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For Consumers

Heating and cooling

Adult operating air conditioner with remote control

Heating and cooling

Space heating and cooling appliances usually use the most energy in households. They account for around 40 percent of household energy use in Australia, and around one-third in New Zealand. So selecting the right heating and cooling system can have a big impact on energy costs.

There are several choices available for heating and cooling your home, including air conditioners, evaporative coolers, ceiling and pedestal fans, electric and wood heaters, gas heaters and hydronic and in-slab heating. Generally speaking, reverse-cycle air conditioners are the most energy-efficient combined heating and cooling system you can buy.

Only air conditioners are covered by mandatory energy efficiency requirements in Australia. 

  • Air conditioners must meet Minimum Energy Performance Standards
  • Non-ducted household air conditioners must carry a Zoned Energy Rating Label.

The Zoned Energy Rating Label

The performance of air conditioners is affected by the climate it is operating in. For this reason, new non-ducted household air conditioners must display a new Zoned Energy Rating Label that considers the climate you live in.

Some appliances may still show the prior Energy Rating Label, which will be phased out by 2025.

How to read the label

The label provides an energy rating for three climate zones (hot, average and cold), helping you select an appliance that performs best in your location. To identify which climate zone relates to you visit the Energy Rating Calculator.

Estimated annual energy use in kilowatt hours (kWh) is provided on the right of the label, for heating (red) and cooling (blue) in each climate zone.

In addition, it has output capacity for heating at two outdoor temperatures and cooling at one outdoor temperature, as well as noise indicators at the bottom to show the volume in decibels (dB(A)) of the air conditioner.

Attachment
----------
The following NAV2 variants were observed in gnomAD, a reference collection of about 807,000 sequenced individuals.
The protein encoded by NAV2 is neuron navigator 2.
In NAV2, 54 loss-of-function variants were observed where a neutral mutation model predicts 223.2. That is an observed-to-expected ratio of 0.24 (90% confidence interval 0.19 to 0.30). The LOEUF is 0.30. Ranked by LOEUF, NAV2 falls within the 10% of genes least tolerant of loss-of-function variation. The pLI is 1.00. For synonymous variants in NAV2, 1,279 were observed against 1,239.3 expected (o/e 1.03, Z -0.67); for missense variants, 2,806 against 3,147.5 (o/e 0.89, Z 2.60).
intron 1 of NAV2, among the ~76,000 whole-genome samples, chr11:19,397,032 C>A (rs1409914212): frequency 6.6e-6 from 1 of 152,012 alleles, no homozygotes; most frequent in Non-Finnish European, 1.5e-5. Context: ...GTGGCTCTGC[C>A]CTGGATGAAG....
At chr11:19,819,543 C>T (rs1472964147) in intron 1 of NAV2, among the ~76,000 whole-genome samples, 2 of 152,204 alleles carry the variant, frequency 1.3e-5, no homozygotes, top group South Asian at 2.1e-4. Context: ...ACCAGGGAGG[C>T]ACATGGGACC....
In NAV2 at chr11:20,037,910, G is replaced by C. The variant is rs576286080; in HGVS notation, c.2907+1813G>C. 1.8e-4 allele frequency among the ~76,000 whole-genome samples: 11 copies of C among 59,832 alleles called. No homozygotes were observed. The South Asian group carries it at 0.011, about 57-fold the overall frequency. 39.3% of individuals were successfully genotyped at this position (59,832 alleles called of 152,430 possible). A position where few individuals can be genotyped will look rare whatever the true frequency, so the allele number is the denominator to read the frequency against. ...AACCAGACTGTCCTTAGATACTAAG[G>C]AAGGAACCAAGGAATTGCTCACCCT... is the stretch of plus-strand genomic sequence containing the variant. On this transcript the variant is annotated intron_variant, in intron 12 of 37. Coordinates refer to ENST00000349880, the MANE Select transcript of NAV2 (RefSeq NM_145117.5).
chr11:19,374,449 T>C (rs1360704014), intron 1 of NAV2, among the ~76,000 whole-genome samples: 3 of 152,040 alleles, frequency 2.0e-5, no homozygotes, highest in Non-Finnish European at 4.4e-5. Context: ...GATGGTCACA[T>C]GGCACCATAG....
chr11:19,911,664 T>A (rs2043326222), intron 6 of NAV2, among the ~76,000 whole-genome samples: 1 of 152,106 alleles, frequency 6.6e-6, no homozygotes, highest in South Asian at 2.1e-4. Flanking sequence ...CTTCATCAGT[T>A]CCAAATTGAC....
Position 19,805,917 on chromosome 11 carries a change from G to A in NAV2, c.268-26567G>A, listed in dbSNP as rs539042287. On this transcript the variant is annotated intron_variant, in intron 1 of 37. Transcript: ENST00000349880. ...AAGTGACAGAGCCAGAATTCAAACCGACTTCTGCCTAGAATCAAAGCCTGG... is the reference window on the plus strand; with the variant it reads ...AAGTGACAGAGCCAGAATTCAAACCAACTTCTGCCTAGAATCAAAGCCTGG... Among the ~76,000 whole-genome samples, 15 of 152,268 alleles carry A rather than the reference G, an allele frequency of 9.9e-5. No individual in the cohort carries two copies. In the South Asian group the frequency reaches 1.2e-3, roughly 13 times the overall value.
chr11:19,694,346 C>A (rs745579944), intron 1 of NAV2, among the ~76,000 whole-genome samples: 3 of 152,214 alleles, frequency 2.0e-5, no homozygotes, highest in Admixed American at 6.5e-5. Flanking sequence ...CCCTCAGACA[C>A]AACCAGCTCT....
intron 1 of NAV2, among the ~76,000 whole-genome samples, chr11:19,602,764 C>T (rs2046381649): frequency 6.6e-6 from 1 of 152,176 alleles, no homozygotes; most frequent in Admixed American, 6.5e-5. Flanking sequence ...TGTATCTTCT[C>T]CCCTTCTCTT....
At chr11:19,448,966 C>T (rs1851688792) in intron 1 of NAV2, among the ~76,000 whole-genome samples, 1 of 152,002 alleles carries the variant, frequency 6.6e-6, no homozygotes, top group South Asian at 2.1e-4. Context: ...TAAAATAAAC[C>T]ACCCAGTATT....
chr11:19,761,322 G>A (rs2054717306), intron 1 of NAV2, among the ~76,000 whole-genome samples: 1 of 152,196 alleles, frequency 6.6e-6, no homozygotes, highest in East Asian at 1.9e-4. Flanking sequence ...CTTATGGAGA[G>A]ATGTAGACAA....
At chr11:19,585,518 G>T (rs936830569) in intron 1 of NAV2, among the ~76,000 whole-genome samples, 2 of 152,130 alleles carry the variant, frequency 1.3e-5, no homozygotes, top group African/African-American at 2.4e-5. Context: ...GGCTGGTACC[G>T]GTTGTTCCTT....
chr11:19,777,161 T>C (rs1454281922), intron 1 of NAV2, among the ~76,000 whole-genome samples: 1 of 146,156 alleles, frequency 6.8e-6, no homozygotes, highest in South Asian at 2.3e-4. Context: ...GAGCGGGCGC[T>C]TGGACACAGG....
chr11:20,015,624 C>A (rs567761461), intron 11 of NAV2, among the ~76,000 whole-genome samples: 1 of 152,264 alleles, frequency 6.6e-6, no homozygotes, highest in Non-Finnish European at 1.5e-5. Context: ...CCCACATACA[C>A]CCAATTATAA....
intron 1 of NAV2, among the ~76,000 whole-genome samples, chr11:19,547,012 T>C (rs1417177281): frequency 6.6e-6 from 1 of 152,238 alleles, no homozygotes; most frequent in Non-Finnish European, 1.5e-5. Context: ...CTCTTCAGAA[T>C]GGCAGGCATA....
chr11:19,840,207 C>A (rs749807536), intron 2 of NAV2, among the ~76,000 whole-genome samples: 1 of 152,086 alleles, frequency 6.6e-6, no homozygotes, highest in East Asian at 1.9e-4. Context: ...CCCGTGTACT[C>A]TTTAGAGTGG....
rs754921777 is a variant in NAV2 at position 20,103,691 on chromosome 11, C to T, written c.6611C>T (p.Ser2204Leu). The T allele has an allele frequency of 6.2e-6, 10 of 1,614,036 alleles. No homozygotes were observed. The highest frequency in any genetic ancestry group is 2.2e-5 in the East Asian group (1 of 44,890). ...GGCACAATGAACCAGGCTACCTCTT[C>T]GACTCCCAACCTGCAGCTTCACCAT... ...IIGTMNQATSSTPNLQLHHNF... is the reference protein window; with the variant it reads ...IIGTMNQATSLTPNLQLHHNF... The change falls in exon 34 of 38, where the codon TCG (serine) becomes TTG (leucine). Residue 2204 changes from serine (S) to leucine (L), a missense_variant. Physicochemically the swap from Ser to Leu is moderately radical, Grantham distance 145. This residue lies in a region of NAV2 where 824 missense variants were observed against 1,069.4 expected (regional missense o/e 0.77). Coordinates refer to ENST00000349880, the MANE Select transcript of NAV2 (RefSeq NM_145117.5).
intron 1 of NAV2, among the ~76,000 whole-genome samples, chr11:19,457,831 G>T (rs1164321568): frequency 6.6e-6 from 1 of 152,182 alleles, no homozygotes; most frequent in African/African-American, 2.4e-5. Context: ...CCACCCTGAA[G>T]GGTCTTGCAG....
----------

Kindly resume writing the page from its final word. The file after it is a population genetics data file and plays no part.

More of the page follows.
Zoned Energy Rating Label for Air Conditioners showing stars 1 to 10 for hot and cold

Learn more about reading the label and estimating running costs

Visit Understand the Energy Rating Label

How to choose the right air conditioner for you

  • Start with size

    When choosing a new air conditioner, pick a size that will meet your needs.

    Air conditioners look similar but come in a wide range of heating and/or cooling capacities. 

    There are many things that affect the size of air conditioner you need, including:

    • the space you are looking to cool – including the size of the space, and whether you are looking to heat/cool a single room, a larger space, or your entire home
    • the building features – the right size depends on your wall material, insulation, and windows
    • the climate – if you live in a cool climate, you need a product that can cope in the cold.

    Because of this complexity, you should get professional advice before deciding on the right size.

    If your appliance is too small, it will work harder to heat or cool the space and may be unable to maintain the right temperature. Appliances that are too big will end up costing you more money, both upfront and in running costs.

    Make sure you select the right size product, so you stay comfortable and don’t use more energy than needed.

  • Know your climate

    Knowing your climate zone helps you find the best air conditioner for your location.